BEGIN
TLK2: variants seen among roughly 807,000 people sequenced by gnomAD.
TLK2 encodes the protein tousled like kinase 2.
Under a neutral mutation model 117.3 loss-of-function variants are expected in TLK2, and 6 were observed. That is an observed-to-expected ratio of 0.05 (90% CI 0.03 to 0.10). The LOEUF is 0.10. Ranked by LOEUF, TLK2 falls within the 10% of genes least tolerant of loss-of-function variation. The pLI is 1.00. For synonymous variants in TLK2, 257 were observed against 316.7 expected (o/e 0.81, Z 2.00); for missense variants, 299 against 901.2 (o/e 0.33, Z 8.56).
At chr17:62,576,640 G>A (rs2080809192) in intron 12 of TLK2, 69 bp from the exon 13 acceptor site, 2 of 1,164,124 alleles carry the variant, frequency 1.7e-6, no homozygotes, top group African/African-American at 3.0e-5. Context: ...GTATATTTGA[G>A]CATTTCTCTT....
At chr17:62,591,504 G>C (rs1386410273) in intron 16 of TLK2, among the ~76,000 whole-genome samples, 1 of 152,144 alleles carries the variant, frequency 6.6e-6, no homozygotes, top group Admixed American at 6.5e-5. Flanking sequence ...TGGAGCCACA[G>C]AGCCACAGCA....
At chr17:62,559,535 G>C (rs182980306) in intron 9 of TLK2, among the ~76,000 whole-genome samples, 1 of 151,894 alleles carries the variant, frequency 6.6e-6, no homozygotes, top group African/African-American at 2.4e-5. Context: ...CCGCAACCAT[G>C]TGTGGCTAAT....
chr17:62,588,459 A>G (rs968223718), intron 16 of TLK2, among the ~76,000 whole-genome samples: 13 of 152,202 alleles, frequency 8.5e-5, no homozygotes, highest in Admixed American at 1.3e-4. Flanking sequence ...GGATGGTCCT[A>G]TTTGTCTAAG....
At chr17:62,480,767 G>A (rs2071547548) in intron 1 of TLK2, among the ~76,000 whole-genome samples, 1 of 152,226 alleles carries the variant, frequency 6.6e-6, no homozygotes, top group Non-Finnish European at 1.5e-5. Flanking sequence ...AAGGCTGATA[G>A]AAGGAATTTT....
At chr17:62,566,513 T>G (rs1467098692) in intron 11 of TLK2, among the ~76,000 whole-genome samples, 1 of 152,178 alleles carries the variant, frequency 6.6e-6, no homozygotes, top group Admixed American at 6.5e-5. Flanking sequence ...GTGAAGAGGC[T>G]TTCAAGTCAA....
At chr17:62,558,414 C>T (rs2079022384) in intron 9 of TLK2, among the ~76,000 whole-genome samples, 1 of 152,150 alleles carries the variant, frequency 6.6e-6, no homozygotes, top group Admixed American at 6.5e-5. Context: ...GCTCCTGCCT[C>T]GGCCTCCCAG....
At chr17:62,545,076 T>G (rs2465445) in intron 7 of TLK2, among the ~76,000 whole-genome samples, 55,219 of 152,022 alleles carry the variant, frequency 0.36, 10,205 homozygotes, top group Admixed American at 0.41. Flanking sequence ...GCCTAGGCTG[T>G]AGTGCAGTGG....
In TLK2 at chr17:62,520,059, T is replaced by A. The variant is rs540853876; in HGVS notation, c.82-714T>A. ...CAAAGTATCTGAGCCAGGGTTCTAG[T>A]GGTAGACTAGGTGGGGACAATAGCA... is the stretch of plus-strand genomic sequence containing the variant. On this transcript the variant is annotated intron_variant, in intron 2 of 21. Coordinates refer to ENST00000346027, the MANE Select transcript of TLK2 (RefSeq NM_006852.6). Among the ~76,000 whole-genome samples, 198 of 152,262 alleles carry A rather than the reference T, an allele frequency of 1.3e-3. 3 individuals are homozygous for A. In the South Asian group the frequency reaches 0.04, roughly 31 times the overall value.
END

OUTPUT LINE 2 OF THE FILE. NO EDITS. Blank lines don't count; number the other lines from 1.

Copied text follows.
TLK2 encodes the protein tousled like kinase 2.